This doesn't mean that our monetary policy will cease to be accommodative. For our baseline expectations of a rising inflation path to materialise, we need to remain patient, prudent and persistent in calibrating the monetary policy stance. In line with this approach, we will continue to provide substantial monetary stimulus by combining three policy measures: first, our enhanced forward guidance on the key ECB interest rates, which we expect to remain at present levels at least through the summer next year, and in any case for as long as necessary to ensure the continued convergence of inflation towards our aim; second, the residual net asset purchases that we will be conducting until the end of this year; and third, the reinvestment of the sizeable stock of acquired securities.
Our monetary policy measures have made a very substantial contribution to the positive economic developments in the euro area. If we consider all the policy measures taken since mid-2014, our staff estimates show that the overall impact on euro area real GDP growth and euro area inflation is – in both cases – around 1.9 percentage points cumulatively between 2016 and 2020.
Importance of central bank communication
Let me now turn to the topic of central bank communication that you suggested for today’s meeting.
Regarding this topic, forward guidance has indeed become an important instrument for all major central banks as conventional monetary tools have reached their effective lower bound, and the ECB is no exception.
Forward guidance on our policy interest rates has evolved considerably over time, since we first introduced it in July 2013.
Roughly speaking, it has gone through three phases. When we first gave forward guidance in 2013, our goal was to insulate euro area financing conditions, and especially the near-term segment of the term structure of money market interest rates, from the heightened volatility emanating from the US money market as a result of the “taper tantrum” episode of May-June 2013.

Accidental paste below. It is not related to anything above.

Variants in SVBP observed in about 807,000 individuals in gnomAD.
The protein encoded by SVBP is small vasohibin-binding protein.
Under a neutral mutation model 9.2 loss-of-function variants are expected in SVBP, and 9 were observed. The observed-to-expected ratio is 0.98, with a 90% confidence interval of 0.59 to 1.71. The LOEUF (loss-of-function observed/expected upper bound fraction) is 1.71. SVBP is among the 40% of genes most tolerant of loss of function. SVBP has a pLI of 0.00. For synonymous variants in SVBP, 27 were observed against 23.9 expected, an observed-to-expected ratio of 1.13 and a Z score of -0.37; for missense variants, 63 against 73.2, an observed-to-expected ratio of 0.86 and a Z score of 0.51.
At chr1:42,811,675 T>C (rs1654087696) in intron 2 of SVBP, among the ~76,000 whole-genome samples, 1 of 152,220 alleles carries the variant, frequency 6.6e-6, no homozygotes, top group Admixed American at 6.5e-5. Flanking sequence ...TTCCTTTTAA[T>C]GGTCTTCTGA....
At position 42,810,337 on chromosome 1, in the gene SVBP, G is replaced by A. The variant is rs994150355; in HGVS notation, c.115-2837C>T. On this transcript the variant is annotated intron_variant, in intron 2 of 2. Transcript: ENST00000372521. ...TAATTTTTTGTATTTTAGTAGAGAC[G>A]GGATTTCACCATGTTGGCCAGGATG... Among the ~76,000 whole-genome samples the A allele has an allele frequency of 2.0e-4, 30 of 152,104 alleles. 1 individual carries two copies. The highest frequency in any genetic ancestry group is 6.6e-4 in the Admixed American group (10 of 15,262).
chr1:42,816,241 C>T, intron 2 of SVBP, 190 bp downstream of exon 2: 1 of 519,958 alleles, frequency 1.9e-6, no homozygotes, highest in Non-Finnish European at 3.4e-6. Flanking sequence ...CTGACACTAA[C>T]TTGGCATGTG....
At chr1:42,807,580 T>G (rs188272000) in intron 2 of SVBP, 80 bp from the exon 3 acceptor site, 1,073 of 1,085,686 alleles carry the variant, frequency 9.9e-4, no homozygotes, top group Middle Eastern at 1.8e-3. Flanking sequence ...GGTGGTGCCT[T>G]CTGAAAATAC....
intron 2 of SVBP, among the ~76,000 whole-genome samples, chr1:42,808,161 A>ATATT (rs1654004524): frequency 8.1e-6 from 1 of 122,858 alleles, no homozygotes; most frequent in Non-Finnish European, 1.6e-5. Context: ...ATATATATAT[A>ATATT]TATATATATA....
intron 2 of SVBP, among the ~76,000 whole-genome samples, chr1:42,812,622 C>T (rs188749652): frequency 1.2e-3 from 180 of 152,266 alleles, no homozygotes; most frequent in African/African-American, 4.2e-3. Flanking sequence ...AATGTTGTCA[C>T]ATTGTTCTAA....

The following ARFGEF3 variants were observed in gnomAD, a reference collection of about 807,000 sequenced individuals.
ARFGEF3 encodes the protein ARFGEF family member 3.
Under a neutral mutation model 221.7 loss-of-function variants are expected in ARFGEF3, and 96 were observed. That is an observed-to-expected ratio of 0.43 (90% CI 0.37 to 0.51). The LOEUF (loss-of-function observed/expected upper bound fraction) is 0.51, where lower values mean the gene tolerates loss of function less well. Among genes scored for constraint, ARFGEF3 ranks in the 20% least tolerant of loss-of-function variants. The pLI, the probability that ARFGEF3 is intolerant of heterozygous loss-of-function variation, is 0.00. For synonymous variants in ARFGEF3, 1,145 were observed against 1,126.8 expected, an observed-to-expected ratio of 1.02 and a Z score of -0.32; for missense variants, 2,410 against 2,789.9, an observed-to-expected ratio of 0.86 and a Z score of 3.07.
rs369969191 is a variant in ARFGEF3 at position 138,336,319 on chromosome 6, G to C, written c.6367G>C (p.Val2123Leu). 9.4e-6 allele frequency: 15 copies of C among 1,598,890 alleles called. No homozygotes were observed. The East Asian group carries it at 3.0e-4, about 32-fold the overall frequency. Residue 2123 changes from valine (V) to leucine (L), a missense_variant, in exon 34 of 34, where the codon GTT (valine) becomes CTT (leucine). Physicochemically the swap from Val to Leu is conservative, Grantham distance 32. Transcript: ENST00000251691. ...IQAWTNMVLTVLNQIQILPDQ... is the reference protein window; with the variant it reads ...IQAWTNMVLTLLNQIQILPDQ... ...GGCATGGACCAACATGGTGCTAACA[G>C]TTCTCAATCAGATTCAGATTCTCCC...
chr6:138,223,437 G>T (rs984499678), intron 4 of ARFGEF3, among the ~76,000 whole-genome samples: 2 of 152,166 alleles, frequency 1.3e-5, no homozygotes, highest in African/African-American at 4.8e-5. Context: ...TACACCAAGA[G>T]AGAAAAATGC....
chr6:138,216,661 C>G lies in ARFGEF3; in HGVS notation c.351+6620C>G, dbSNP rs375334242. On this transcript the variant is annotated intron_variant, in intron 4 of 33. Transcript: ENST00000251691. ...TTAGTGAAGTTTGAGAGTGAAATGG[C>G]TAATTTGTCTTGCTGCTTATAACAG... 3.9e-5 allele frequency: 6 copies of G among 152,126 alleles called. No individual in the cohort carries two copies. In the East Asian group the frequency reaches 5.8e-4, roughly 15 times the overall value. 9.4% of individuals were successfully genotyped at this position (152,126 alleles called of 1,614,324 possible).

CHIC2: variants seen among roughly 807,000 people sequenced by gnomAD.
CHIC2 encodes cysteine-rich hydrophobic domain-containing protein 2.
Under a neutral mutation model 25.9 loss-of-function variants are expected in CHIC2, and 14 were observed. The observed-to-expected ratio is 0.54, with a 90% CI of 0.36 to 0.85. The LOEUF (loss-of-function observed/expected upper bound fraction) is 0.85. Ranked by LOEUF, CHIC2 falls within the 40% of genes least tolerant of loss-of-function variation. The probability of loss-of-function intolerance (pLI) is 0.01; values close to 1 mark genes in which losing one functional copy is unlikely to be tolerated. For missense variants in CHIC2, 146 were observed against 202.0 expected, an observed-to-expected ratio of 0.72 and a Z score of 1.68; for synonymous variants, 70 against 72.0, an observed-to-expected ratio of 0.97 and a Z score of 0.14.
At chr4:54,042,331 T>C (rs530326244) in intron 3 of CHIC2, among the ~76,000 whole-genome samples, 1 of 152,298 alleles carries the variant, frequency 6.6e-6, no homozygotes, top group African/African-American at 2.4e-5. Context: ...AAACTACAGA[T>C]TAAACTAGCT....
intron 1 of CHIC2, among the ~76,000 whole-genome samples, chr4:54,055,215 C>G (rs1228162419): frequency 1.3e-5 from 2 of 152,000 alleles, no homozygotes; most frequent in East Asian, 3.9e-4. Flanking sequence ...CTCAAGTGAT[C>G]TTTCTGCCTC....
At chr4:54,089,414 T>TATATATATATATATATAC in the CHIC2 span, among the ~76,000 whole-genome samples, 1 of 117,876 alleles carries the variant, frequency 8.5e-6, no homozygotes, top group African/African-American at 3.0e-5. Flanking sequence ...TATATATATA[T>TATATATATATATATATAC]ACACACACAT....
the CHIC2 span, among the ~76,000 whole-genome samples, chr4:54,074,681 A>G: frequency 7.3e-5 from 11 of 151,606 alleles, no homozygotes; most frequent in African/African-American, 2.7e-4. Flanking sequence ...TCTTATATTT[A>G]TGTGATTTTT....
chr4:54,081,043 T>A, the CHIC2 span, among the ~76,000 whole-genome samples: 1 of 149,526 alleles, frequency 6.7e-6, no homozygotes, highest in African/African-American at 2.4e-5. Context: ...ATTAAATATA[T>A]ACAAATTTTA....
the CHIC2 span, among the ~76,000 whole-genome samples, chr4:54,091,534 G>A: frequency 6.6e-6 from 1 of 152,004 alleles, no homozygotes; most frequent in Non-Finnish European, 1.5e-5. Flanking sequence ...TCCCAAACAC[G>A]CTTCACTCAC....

During the second phase, our forward guidance served to reinforce the effectiveness of the net asset purchases. By expressing the Governing Council’s expectations about the likely future path of interest rates, we ensured that the downward impact that the asset purchases were exerting on longer-term yields was not counteracted by unanchored market expectations of short-term interest rate increases.
Since June 2018 we have expressed our expectation that, subject to incoming data confirming our medium-term inflation outlook, net purchases will likely end after December 2018. As we had for some time tied the horizon for our rate path to the end of our net purchases – giving indications that interest rates will remain at their present levels “well past the end of our net purchases” – announcing a conditional plan for terminating net purchases by a certain date made it necessary for us to re-anchor the rate guidance. Steering expectations of the policy rate path was critical because the path of inflation that the Governing Council viewed as moving closer to the objective of a sustained adjustment was – and still is – conditional on a term structure of interest rates that embodies expectations of constant policy rates over an extended period of time after December 2018.
It was important for us to retain firm control over the signalling implicit in our monetary policy announcements. At that critical juncture, we had to reassure investors and the public that the likely change in the course of our asset purchases will not stymie the recovery and frustrate progress toward inflation normalisation.
With this in mind, in June 2018 we said that we expected interest rates to remain at their present levels “at least through the summer of 2019, and in any case for as long as necessary to ensure that the evolution of inflation remains aligned with our current expectations of a sustained adjustment path”. This rate guidance, which we reasserted back in July and also this month, actually contains two parts: first, the “through the summer of 2019” formulation is a calendar-based element, which refers to when we anticipate conditions that might warrant a first rate increase; and second, a state-dependent component, indicating our expectation that rates will remain unchanged in any case for as long as necessary to ensure the continued sustained convergence of inflation to levels that are below, but close to, 2% over the medium term.